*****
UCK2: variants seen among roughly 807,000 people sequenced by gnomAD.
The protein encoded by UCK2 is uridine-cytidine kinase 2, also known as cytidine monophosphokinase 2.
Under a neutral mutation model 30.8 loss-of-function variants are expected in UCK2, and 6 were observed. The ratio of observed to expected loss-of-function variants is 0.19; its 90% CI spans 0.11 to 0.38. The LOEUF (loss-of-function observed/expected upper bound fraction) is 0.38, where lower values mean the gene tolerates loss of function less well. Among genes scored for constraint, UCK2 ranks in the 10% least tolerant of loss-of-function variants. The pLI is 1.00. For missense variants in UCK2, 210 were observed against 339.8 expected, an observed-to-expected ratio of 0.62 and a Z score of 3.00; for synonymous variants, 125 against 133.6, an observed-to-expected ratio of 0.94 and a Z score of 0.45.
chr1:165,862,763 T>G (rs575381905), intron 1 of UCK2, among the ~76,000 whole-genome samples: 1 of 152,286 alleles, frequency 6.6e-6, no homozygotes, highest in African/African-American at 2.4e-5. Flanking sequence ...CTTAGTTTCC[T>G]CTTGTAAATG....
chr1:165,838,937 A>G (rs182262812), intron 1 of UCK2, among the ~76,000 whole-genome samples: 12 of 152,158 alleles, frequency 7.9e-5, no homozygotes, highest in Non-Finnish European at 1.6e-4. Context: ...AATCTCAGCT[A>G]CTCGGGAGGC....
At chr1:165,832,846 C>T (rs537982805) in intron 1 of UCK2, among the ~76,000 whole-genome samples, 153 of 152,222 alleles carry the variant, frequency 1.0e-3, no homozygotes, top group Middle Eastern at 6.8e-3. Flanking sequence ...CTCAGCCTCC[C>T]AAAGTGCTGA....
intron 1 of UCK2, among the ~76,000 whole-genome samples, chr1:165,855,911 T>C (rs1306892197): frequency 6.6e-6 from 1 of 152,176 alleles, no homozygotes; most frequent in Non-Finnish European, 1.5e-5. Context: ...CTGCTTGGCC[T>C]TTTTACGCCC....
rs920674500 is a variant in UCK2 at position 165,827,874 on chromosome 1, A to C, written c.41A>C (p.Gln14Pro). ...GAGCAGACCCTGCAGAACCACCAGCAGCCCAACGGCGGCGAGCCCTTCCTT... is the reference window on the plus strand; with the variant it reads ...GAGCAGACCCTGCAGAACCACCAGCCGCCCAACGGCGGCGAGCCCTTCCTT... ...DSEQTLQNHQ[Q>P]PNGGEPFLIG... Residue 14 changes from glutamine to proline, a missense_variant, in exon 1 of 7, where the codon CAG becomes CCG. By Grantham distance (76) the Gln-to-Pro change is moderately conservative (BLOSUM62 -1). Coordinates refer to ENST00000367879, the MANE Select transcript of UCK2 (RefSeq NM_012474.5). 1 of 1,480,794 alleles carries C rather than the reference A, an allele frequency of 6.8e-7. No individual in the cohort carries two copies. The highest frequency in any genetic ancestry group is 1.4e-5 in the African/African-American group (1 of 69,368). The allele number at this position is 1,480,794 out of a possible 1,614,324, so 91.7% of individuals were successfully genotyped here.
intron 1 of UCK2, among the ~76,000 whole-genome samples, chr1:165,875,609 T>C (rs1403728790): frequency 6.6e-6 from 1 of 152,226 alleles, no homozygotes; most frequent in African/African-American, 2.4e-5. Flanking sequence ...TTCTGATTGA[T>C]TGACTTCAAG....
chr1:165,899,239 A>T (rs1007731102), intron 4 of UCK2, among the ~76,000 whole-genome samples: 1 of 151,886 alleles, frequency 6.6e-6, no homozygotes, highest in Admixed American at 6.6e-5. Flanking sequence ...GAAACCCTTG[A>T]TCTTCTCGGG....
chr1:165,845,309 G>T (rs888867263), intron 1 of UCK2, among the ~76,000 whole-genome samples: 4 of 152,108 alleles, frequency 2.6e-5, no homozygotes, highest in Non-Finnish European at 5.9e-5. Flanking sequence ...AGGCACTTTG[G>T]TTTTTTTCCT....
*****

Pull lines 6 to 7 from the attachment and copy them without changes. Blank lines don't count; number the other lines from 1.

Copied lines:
At chr1:165,832,846 C>T (rs537982805) in intron 1 of UCK2, among the ~76,000 whole-genome samples, 153 of 152,222 alleles carry the variant, frequency 1.0e-3, no homozygotes, top group Middle Eastern at 6.8e-3. Flanking sequence ...CTCAGCCTCC[C>T]AAAGTGCTGA....
intron 1 of UCK2, among the ~76,000 whole-genome samples, chr1:165,855,911 T>C (rs1306892197): frequency 6.6e-6 from 1 of 152,176 alleles, no homozygotes; most frequent in Non-Finnish European, 1.5e-5. Context: ...CTGCTTGGCC[T>C]TTTTACGCCC....